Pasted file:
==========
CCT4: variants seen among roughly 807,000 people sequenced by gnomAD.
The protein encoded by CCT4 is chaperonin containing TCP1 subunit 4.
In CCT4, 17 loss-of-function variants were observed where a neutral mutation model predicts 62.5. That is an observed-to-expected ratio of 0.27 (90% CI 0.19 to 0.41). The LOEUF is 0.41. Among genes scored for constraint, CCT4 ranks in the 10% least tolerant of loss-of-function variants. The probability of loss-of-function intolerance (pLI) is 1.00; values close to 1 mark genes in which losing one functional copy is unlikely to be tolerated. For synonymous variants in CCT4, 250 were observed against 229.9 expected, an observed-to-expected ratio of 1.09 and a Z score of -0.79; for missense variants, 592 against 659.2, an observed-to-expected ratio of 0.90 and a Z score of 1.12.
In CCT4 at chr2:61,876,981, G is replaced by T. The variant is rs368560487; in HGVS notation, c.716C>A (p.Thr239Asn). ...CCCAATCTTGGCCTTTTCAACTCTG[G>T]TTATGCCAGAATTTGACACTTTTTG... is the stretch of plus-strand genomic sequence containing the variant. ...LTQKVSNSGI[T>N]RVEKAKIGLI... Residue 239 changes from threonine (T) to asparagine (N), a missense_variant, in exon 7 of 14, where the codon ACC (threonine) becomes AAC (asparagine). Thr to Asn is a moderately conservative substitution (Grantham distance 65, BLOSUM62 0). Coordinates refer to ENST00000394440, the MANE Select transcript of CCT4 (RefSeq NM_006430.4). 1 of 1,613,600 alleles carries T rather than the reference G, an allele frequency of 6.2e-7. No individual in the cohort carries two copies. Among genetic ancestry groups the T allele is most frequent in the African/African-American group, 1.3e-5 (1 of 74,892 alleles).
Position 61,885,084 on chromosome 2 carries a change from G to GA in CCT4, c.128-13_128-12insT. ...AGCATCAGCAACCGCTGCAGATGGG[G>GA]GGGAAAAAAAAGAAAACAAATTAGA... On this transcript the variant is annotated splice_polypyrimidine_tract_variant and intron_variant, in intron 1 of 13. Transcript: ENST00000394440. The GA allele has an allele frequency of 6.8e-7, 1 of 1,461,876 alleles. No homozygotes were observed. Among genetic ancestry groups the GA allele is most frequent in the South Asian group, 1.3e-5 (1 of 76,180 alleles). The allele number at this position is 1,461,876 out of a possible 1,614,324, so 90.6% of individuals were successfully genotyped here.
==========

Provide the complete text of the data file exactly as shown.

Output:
CCT4: variants seen among roughly 807,000 people sequenced by gnomAD.
The protein encoded by CCT4 is chaperonin containing TCP1 subunit 4.
In CCT4, 17 loss-of-function variants were observed where a neutral mutation model predicts 62.5. That is an observed-to-expected ratio of 0.27 (90% CI 0.19 to 0.41). The LOEUF is 0.41. Among genes scored for constraint, CCT4 ranks in the 10% least tolerant of loss-of-function variants. The probability of loss-of-function intolerance (pLI) is 1.00; values close to 1 mark genes in which losing one functional copy is unlikely to be tolerated. For synonymous variants in CCT4, 250 were observed against 229.9 expected, an observed-to-expected ratio of 1.09 and a Z score of -0.79; for missense variants, 592 against 659.2, an observed-to-expected ratio of 0.90 and a Z score of 1.12.
In CCT4 at chr2:61,876,981, G is replaced by T. The variant is rs368560487; in HGVS notation, c.716C>A (p.Thr239Asn). ...CCCAATCTTGGCCTTTTCAACTCTG[G>T]TTATGCCAGAATTTGACACTTTTTG... is the stretch of plus-strand genomic sequence containing the variant. ...LTQKVSNSGI[T>N]RVEKAKIGLI... Residue 239 changes from threonine (T) to asparagine (N), a missense_variant, in exon 7 of 14, where the codon ACC (threonine) becomes AAC (asparagine). Thr to Asn is a moderately conservative substitution (Grantham distance 65, BLOSUM62 0). Coordinates refer to ENST00000394440, the MANE Select transcript of CCT4 (RefSeq NM_006430.4). 1 of 1,613,600 alleles carries T rather than the reference G, an allele frequency of 6.2e-7. No individual in the cohort carries two copies. Among genetic ancestry groups the T allele is most frequent in the African/African-American group, 1.3e-5 (1 of 74,892 alleles).
Position 61,885,084 on chromosome 2 carries a change from G to GA in CCT4, c.128-13_128-12insT. ...AGCATCAGCAACCGCTGCAGATGGG[G>GA]GGGAAAAAAAAGAAAACAAATTAGA... On this transcript the variant is annotated splice_polypyrimidine_tract_variant and intron_variant, in intron 1 of 13. Transcript: ENST00000394440. The GA allele has an allele frequency of 6.8e-7, 1 of 1,461,876 alleles. No homozygotes were observed. Among genetic ancestry groups the GA allele is most frequent in the South Asian group, 1.3e-5 (1 of 76,180 alleles). The allele number at this position is 1,461,876 out of a possible 1,614,324, so 90.6% of individuals were successfully genotyped here.